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Spooktacular Evenings Done Right

The big day is almost here. You’ve been hoarding your Costco sized bag of candy away from your own children for weeks, you’ve been sewing, hot gluing, duct taping together costumes for yourself and your children, and ABC Family has been playing Hocus Pocus and The Addams Family on repeat. Visions and memories of knocking on doors and shrieking “Trick or Treat” reverberate inside your head, and you can’t wait to make the same memories from the other side, watching your children experience the bliss of receiving candy and dressing up. But unfortunately, our world is not a safe place and certain precautions must be taken.


With the upcoming Starwars film there are sure to be a plethora Jedi Knights and Sith Lords roaming the streets, disintegrating everything in their path with plasma guns and lightsabers. However, when choosing a costume or making a costume one should remember these tips.

  • Make sure any toy weapons or costume accessories (wands, swords, whips, etc.) are short, soft, and flexible.
  • Make sure the costume fits the one who is wearing it. The wand may choose the wizard, but if the robes are too large, children can trip and hurt themselves.
  • Be VERY careful about costume contacts. Many people like to put in cat eyes or make their eyes look different colors from decorative contacts, but be very careful. Do not buy contacts from street vendors, do not wear them longer than 4 hours, and if they begin to sting or burn remove them.
  • Instead of masks try to use face paint as much as possible. Masks can become dislodged and impair someone’s vision, causing them to stumble or fall. Before applying the make up test it on a smaller area to check for any allergic reactions.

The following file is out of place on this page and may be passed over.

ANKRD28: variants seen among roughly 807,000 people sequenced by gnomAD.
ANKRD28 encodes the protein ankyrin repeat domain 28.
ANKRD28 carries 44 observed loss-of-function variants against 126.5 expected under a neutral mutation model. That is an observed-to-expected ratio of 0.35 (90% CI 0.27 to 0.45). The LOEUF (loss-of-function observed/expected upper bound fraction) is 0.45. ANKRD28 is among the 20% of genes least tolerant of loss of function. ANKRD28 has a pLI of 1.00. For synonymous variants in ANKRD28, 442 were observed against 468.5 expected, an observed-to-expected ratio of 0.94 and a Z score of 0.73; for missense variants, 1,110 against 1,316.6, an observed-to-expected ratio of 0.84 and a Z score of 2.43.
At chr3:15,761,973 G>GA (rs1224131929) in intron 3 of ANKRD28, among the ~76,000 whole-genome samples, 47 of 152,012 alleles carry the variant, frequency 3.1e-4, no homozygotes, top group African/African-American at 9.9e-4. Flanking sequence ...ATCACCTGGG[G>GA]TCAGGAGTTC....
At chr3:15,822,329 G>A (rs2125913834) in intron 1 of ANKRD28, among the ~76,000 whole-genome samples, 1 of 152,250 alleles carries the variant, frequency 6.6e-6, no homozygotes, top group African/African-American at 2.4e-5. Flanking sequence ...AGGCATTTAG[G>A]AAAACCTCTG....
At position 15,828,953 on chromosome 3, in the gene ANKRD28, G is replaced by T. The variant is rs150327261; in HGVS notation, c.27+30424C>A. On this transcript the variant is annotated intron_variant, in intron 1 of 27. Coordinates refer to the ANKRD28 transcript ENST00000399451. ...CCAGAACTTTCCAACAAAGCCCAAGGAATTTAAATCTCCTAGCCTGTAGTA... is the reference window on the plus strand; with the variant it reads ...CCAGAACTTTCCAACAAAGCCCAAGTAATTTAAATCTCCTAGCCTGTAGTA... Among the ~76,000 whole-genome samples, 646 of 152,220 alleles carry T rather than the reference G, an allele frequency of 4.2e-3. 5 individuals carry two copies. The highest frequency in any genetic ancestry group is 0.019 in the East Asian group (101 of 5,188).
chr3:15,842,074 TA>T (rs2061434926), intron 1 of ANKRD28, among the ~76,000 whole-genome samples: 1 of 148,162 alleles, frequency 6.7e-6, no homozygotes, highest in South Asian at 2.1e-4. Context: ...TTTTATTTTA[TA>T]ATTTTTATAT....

Trick or Treat! (For Walkers)

It’s so much fun to see the mini parade of children around the neighborhood ringing doorbells and singing “Trick or Treat!” However, children are twice as likely to be hit by a car on Halloween as they are any other time of the year. While menacing, it can be prevented by following these guidelines below.

  • Make sure your children have flashlights with them or are wearing reflective tape or glowsticks.
  • Cross the street at corners, using traffic signals and crosswalks.
  • Look left, right, and left again when crossing and keep looking as you cross.
  • Put electronic devices down (phones, cameras, etc.), keep heads up, and walk, don’t run, across the street.
  • Teach children to make eye contact with drivers before crossing in front of them.
  • Always walk on sidewalks or paths. If there are no sidewalks, walk facing traffic as far to the left as possible. Children should walk on direct routes with the fewest street crossings.
  • Watch for cars that are turning or backing up. Teach children to never dart out into the street or cross between parked cars.
  • Never enter homes unless with a trusted adult.
  • If children are under 12, they must be supervised by a responsible adult.

Trick or Treat! (For Drivers)

It’s Halloween and without children for you to worry about, you’re more concerned with getting your immaculate Maleficent costume intact to your friend’s Halloween bash. But as you’re pulling out of your driveway and onto the road you see the onslaught of children heading your way. Below are some practices to follow when driving on all hallows eve!

  • Slow down and be especially alert in residential neighborhoods. Children are excited on Halloween and may move in unpredictable ways.
  • Take extra time to look for kids at intersections, on medians, and on curbs.
  • Enter and exit driveways and alleys slowly and carefully.
  • Eliminate any distractions inside your car so you can concentrate on the road and your surroundings.